Manufacturing facilities are expected to run at optimum efficiency to maximize output and reduce costs. And while the expectations of “lean manufacturing” can bring added pressure to management-level personnel, homing in on output and cost metrics can reveal deep-seated issues that might otherwise go unchecked.
Here are some of the most common issues at manufacturing facilities that can have a significant impact on your bottom line.
6 Common Problems in Manufacturing
Poor team alignment
Team alignment is a critical aspect of any work environment. In fact, a survey completed by ClearCompany found that ”97% of employees and executives believe lack of alignment within a team impacts the outcome of a task or project.”
In manufacturing facilities, strong alignment boils down to communication. When production workers, maintenance staff, and executives stay in their silos, chances are that workers won’t meet expectations and frustration will ensue. Defeat communication barriers by holding daily stand-ups, instating an open-door policy, and arming workers with digital communication tools.
It’s exciting when productivity soars and profit margins widen. However, it can be easy to hold unrealistic expectations after an uber-productive few weeks. Just because your output increased by 10% in one month doesn’t mean that sort of growth is sustainable. Once you stop hitting those once-coveted and celebrated numbers, morale will drop from the top down — a proven productivity killer. So when you’re setting productivity goals, make them challenging, but attainable.
Being unprepared for inspections
Even if you’ve never had a surprise inspection, you still should operate like regulators could walk in the door at any moment. Otherwise, you run the risk of letting small issues slip by, which can eventually transform into deep-rooted, systemic problems that are both dangerous and blatantly obvious to inspectors. And if you keep an eye on the headlines, you know that regulators have no qualms with handing out hefty fines and temporarily shutting down operations if your workers or the environment are in jeopardy. Cutting corners isn’t worth getting shut down. Instead, be proactive and take care of issues as they arise.
Not having consultants to call
What happens when regulators do knock on your door and give you a laundry list of things to remedy before they check back in? With a full workload and staff to manage, many environmental or facilities managers turn to the help of third-party consultants. Since you might have a tight time frame to work with following an inspection, it helps to develop a relationship with a reliable consultant before you need one.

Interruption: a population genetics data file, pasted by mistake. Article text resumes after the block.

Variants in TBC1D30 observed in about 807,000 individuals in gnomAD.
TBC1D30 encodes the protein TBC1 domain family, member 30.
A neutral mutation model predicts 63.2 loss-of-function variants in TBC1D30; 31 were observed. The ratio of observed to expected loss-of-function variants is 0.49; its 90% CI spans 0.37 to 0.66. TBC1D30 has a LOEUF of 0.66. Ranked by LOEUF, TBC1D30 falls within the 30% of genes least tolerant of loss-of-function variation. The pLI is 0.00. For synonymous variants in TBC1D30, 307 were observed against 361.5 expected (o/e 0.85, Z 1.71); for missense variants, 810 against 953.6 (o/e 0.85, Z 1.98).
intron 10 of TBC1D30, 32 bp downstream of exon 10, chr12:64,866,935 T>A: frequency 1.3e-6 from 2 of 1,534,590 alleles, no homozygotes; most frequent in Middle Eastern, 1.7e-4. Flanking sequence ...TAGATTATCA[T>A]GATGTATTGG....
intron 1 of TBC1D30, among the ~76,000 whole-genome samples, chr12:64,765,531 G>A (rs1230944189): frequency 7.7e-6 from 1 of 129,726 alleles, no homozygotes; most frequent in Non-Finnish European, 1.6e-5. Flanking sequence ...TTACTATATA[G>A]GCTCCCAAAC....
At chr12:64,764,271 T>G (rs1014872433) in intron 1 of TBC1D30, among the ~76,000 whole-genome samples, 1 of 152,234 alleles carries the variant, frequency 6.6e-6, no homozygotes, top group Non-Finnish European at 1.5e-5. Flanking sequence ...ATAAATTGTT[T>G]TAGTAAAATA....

Consultants can help you break down exactly what needs to get done, how to complete each task, and in what order. And when you find a consultant you like working with, you’ll have someone to call, text, or email with questions instead of having to wade through the depths of Google.
Lack of staff training
If your onboarding process involves initial training and then throwing workers into the deep end, your facility will never reach its full productivity potential.
- One sweep through training can’t cover everything a worker needs to know in a high-risk environment like a manufacturing facility.
- Without continuous training, there’s a good chance that the worker will quickly become disengaged, which can result in sloppy or slow work.
- Inadequate training can lead to turnover issues; 40% of workers with poor training leave their jobs within the first year, citing lack of skills training and development as a main reason for leaving.
Avoiding productivity issues that stem from lack of training can be remedied by requiring regular training, holding daily stand-ups, and sharing safety stories. The key is to keep your workers safe, engaged, and informed.
When workers on the plant floor are rummaging around for PPE, dodging slip and trip hazards, or trying to read machine displays through a blanket of dust, it’s clear that housekeeping is an issue. A messy environment isn’t just damaging to productivity — it can be dangerous.
If you don’t already have maintenance crew on staff that’s responsible for the cleanliness of your facility, consider bringing someone on. Additionally, communicate to your workers the importance of housekeeping in manufacturing.
Whatever you find is holding you back from optimum productivity, you need to formulate and implement an action plan for improvement to see your numbers rise.
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